Arye Gut for Foreign Policy News
In spite of vast and intense international concerns, including the substantial migration crisis emanating from Syria and terminating in Europe, Russia engaging in the Middle East with troops and air power, the U.S.'s flagrant absence from world affairs coupled with its abject show of weakness, it is still impossible not to notice international scrutiny of the Republic of Azerbaijan and anti-Azerbaijani rhetoric, particularly by Europe and the United States.
Last month, the European Parliament approved a resolution that calls for targeted sanctions against certain officials of Azerbaijan, who, according to its authors, "do not respect human rights." In other words, the European Parliament adopted a resolution that violates the legal norms of European democracy, as it was based on conjecture and offered no evidence.
Naturally, official Baku is indignant - and understandably annoyed. The US and Europe seem to be inexplicably struggling to discredit and put pressure on Azerbaijan, which is situated in an important geopolitical and strategic location, the nexus of Europe and Asia and sandwiched in between Russia and Iran.
Post-Soviet Azerbaijan has repeatedly proven that it plays a key and critical role in the South Caucasus and the Middle East. Azerbaijan is the key transit route for the transfer of men and materiale to and from Afghanistan and Azerbaijan troops stand shoulder to shoulder with Allied troops in Afghanistan, as they did in Iraq and Bosnia. Azerbaijan also is a key partner in anti-terrorism intelligence gathering operations with the West.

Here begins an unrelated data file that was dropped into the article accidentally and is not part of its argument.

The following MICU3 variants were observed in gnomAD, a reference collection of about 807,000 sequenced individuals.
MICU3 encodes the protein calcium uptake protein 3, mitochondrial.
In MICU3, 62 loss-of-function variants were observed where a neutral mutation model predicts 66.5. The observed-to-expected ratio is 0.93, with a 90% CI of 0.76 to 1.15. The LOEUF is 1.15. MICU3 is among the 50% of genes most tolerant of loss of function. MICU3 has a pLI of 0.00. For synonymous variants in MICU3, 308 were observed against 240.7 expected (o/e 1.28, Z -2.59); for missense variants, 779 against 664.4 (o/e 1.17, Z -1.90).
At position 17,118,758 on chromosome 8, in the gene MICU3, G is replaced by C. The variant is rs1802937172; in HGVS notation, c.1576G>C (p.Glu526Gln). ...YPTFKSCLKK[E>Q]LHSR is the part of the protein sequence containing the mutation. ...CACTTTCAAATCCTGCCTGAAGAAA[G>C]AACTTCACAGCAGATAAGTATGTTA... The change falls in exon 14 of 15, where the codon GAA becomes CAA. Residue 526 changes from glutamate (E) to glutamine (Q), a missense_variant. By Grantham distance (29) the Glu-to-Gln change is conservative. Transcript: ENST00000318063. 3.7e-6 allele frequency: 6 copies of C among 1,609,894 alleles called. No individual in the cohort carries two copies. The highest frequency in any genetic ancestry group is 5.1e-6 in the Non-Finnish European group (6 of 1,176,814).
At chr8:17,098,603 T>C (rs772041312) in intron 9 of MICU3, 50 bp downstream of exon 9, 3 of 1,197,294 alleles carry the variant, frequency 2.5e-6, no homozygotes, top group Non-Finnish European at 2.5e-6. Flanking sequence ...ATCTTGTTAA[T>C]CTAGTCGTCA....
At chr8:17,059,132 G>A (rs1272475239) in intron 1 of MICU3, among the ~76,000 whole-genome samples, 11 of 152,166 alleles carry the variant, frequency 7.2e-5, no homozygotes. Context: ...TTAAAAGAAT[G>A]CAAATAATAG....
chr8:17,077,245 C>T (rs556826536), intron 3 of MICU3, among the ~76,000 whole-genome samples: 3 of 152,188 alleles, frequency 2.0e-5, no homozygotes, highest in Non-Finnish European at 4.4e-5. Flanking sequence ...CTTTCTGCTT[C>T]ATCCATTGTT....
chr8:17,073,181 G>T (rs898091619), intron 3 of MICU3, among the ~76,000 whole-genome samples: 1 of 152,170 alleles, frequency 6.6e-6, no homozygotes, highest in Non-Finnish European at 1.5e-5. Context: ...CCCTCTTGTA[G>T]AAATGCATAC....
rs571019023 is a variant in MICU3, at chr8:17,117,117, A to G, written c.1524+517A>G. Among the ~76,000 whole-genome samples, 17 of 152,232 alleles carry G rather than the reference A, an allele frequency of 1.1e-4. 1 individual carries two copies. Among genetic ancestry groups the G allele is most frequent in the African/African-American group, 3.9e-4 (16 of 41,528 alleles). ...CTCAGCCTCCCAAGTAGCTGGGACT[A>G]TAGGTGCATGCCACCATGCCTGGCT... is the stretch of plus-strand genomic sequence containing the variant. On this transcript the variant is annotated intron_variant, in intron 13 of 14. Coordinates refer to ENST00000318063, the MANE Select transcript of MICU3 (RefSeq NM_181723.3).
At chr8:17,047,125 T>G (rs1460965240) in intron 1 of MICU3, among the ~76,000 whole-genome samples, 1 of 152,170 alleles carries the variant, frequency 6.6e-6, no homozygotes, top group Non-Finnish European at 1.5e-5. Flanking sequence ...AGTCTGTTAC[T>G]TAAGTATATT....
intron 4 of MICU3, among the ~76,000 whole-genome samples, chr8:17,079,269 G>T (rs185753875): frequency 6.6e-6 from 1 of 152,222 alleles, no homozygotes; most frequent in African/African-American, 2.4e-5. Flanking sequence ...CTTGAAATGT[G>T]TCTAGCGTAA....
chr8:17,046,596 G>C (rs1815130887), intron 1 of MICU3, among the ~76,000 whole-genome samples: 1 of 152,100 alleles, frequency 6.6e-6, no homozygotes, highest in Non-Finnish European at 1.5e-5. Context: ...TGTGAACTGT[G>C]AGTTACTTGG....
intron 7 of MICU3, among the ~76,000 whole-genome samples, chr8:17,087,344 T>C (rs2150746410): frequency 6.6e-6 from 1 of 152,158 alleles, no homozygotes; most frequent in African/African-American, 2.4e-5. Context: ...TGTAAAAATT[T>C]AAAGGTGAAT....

Azerbaijan also serves as the linchpin for energy diversity and security for Europe and Western markets, as Azerbaijan is not only the major energy hub in the region, but a major producer of oil and natural gas that presents Europe with a non-Russian, non-OPEC and non-Iranian energy alternative. Azerbaijani pipelines, like the BTC (the largest oil pipeline in the world next to America's Alaskan pipeline) pumps oil from the Caspian Sea through Georgia and to the Mediterranean Sea, terminating in the Turkish port city of Cheyhan. In addition and, perhaps, more importantly, Azerbaijan and its Western partners have already begun construction on the network of pipelines that will comprise the Southern Gas Corridor, which will transport Azerbaijan's vast gas reserves directly to Europe, thus alleviating the risk of Russia turning off the heat in the middle of winter for some perceived affront.
The pragmatic approach of Azerbaijan, as a whole, includes religious tolerance, multiculturalism of Azerbaijani society, and constructive relations with its neighbors in a region where diplomacy is much more complex than in many other parts of the world. All of these factors played a role in the successful formation of this emerging democracy.
Failing American and European military intervention strategies - why do they want to continue such policies?